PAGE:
According to the study, “Current rates of evolution and adaptation for numerous organisms in aquatic ecosystems are being outpaced by anthropogenic stressors such as climate change.” By selectively breeding species of conservation concern, the species itself can have better odds of survival as it will develop positive traits such as parasite resistance or tolerance to certain environmental conditions.

7. Biological control

Similar to bioremediation, cultured species can be introduced into a habitat to cut down on the pests infesting it either by consumption (such as using weevils to control the growth of water hyacinth), the spread of a pathogen from a cultured vector, or other methods.

8. Removal of overabundant species

Simply removing an overabundant species from a habitat can benefit the habitat while allowing the species to continue propagating in farms. The researchers cite overabundant sea urchins as contributing to the degradation of kelp and associated organisms. By relocating the urchins to aquaculture facilities, the natural habitat’s biodiversity can flourish while the urchins are made more commercially viable with specialized diets to increase their roe count.

9. Ex situ conservation

Ex situ conservation, or off-site conservation, in the context of beneficial aquaculture involves culturing a species in a controlled environment while regulating its exposure to biotic and/or abiotic stressors. Doing so ensures the survival of a species of concern and can promote genetic diversity within it. Zoos, aquariums, and botanical gardens are all examples of positive ex situ conservation.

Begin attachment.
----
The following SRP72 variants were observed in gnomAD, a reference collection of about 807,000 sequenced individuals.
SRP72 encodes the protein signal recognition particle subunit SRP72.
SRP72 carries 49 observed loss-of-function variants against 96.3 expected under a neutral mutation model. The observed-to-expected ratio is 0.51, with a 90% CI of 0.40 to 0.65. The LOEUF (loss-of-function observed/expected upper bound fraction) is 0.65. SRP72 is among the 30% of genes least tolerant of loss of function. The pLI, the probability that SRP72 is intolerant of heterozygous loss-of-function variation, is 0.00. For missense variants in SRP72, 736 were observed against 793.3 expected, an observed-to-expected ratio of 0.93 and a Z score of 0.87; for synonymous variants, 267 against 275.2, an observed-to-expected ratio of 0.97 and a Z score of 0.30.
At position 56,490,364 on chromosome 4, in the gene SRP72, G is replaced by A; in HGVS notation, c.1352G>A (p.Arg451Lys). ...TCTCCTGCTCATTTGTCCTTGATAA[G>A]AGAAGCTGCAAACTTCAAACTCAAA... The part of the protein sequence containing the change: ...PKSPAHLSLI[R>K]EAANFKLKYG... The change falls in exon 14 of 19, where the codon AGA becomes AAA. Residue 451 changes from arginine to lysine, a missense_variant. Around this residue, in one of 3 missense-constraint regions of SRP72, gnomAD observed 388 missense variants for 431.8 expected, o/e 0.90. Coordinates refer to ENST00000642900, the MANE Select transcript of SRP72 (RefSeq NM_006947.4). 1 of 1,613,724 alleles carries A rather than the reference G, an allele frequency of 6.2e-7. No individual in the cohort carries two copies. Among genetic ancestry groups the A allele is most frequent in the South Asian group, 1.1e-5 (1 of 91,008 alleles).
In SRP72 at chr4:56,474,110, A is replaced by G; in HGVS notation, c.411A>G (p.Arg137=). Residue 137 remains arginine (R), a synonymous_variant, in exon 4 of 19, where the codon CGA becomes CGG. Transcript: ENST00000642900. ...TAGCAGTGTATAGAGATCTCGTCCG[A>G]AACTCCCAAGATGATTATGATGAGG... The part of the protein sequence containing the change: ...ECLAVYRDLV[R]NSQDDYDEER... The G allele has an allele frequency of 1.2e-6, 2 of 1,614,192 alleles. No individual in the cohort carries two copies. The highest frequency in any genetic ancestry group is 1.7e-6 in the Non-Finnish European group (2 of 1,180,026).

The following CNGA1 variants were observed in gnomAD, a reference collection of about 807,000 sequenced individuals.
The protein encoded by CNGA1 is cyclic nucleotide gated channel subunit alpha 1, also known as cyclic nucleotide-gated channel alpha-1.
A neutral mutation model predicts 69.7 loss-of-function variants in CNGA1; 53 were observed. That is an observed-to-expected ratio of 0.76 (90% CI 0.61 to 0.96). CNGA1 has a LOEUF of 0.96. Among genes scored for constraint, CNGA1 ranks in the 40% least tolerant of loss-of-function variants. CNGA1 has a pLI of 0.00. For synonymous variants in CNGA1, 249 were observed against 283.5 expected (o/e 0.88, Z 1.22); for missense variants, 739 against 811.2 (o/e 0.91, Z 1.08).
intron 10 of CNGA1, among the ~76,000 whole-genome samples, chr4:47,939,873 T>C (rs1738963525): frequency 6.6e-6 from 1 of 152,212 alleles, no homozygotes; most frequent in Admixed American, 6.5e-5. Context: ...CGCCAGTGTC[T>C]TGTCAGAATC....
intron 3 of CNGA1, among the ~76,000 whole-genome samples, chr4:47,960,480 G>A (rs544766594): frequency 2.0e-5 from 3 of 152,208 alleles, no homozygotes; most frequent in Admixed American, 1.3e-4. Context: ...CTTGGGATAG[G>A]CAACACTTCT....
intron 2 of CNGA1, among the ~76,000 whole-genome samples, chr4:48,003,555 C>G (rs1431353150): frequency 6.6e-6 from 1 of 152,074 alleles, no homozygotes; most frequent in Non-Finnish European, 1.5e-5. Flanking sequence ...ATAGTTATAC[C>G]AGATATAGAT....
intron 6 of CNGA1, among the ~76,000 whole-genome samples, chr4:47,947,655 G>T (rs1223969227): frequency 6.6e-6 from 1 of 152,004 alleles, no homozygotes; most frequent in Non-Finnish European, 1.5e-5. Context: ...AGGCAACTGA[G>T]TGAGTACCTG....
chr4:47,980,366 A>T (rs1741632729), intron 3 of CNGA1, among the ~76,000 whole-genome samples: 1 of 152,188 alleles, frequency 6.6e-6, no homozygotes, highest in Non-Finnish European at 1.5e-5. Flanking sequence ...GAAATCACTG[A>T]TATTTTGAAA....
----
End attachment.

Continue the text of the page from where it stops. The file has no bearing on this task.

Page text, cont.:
10. Coastal defense

Similar to ex situ conservation, coastal defense involves reducing a species’ exposure to abiotic stressors such as coastal erosion or wave attenuation. Aquaculture activity that lowers these stressors or encourages coastal deposition can be considered coastal defense.

11. Climate change mitigation

Cultured aquatic creatures can be harnessed to help achieve climate change alleviation efforts. For instance, cultured algae will absorb large amounts of carbon dioxide that would otherwise contribute to the Earth’s overcharged greenhouse effect (so long as these carbon sinks are moved into the deep sea or buried in coastal sediments).

12. Wild harvest replacement

Rather than catching organisms in the wild, culturing them may reduce the pressure on wild populations and enable them to thrive. However, the circumstances in which this is advisable have been debated. As a result, some have proposed that replacing wild harvest only be used when five criteria are met: (1) the cultured organisms can be sold instead of the wild version, (2) demand is met and does not increase, (3) it is more cost-efficient to culture organisms than harvest them from the wild, (4) it is also more cost-efficient to culture them than black-market prices for the same organism, and (5) wild populations are not relied on.

“Historically, there has been a disconnect between the fields of aquaculture and conservation and restoration with only partial attempts to identify where and how they might align,” the study states. By delineating 12 ecological benefits of aquaculture with an emphasis on outcome, the authors hope their research aids others in identifying aquaculture activities with positive environmental impacts. Overton and her team believe that the next step is to develop an internationally-recognized accreditation model for beneficial aquaculture to incentivize commercial aquaculture industries to adopt environmentally-friendly practices.